While the BJP leadership has set up safe houses for its candidates, candidates of other Opposition parties find the situation is even more challenging. 

Asma Khatoon had to hole up at the office of the Block Development Officer at Bhangar II for four hours on June 12 when she went there to file her nomination papers. A candidate of the Indian Secular Front, she said that she was threatened with murder in front of government officials while filing her nomination papers. The 39-year-old resident of Bhangar refused to tell the place at which she lived and decided to meet at a relative’s place, a few kilometres from Bijoyganj Bazaar, which erupted into a battle zone on the final day of the filing of nomination papers on June 15, leaving three persons dead.

“The men cannot stand the fact that a woman is challenging them in the panchayat polls. There is an atmosphere of fear across Bhangar,” Ms. Khatoon said as she narrated how she filed her nomination after the Calcutta High Court’s intervention.

The ISF leader, who spent weeks behind the bars after she was arrested with ISF leader and Bhangar MLA Naushad Siddique earlier this year, said that she had convinced many women to come forward and contest the polls but because of violence, some of them have given up on contesting.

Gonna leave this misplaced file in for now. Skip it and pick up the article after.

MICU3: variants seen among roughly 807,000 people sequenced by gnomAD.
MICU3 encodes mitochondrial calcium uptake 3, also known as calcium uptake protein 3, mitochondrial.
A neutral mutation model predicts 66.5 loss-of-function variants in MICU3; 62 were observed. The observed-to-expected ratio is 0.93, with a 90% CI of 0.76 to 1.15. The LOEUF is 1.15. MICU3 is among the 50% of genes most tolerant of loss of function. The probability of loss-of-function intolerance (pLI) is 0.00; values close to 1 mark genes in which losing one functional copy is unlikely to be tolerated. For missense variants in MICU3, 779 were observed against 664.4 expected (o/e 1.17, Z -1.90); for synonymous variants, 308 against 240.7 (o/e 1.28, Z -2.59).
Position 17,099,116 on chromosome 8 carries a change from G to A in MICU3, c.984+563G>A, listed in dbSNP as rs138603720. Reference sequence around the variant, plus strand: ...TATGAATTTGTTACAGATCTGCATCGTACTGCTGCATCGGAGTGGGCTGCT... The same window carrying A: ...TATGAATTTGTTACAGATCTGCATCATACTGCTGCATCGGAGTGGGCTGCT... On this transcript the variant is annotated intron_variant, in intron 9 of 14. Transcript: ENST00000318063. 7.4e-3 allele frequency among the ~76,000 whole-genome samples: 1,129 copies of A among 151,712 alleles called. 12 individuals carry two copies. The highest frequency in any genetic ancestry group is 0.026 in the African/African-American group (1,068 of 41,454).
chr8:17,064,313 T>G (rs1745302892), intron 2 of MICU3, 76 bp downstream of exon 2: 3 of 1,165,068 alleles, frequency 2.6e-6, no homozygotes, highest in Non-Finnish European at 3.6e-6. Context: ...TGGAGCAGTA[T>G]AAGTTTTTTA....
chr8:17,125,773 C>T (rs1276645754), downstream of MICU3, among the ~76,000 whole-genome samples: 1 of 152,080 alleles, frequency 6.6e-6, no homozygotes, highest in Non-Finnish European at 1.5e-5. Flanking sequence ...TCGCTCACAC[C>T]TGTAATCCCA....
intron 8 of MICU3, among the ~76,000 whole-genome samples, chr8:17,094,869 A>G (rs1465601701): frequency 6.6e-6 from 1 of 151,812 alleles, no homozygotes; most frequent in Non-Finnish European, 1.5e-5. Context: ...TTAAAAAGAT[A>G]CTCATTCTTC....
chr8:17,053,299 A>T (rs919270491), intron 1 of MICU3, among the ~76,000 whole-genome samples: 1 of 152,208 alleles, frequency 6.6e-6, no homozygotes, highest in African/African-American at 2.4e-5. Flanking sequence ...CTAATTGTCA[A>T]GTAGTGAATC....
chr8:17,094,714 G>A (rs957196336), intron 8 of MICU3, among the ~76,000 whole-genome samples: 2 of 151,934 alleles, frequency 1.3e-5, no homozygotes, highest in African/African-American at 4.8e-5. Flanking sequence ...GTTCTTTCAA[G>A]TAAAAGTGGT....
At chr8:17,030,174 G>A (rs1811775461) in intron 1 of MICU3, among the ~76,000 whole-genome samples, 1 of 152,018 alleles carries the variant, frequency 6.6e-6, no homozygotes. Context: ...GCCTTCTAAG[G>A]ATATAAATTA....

“I am unable to come out of my house so there is no question of campaigning. Hopefully the situation will improve after the deployment of Central forces,” she said.

It’s not only threats and intimidation, women candidates contesting the panchayat elections are facing several other challenges. Sonadi Hansda, an independent candidate for zilla parishad seat number 26 from Birbhum district said that it was difficult for her to rent a place or a vehicle for campaigning in the rural polls.

“First, we tried renting a room at Mohammad Bazaar, where the owner turned us down after accepting advance, and the same thing happened at Deocha. We are not even getting vehicles to campaign and owners are returning the advance, saying that they are under pressure,” Ms. Hansda said. 

She is associated with the Adivasi Adhikaar Mahasabha, an outfit opposed to the proposed coal mine at Deocha Pachami in Birbhum alleged that the leaders and the supporters of the ruling Trinamool Congress (TMC) were behind the situation that she could not campaign in the rural polls.

The TMC’s leadership, and spokespersons such as Kunal Ghosh, have denied all allegations of threats and intimidation during the panchayat polls, and said that such allegations were an attempt to vitiate the poll process as Opposition parties did not have enough candidates to field in the rural polls.

About 48.86% seats at the zilla parishads, panchayat samithis and gram panchayats are reserved for women in West Bengal, psephologist Biswanath Chakraboty said, emphasising that despite so many women contesting the polls, there was no mention of issues relating to women during the panchayat polls. “Most of the women contesting the polls are puppets to the patriarchal political system and that is evident across all parties,” Professor Chakraborty added. 

Elections to about 73,000 seats in the three-tier panchayat in the State are scheduled for July 8, and so far, 11 persons have been killed in violence since the notification of the election was issued on June 8.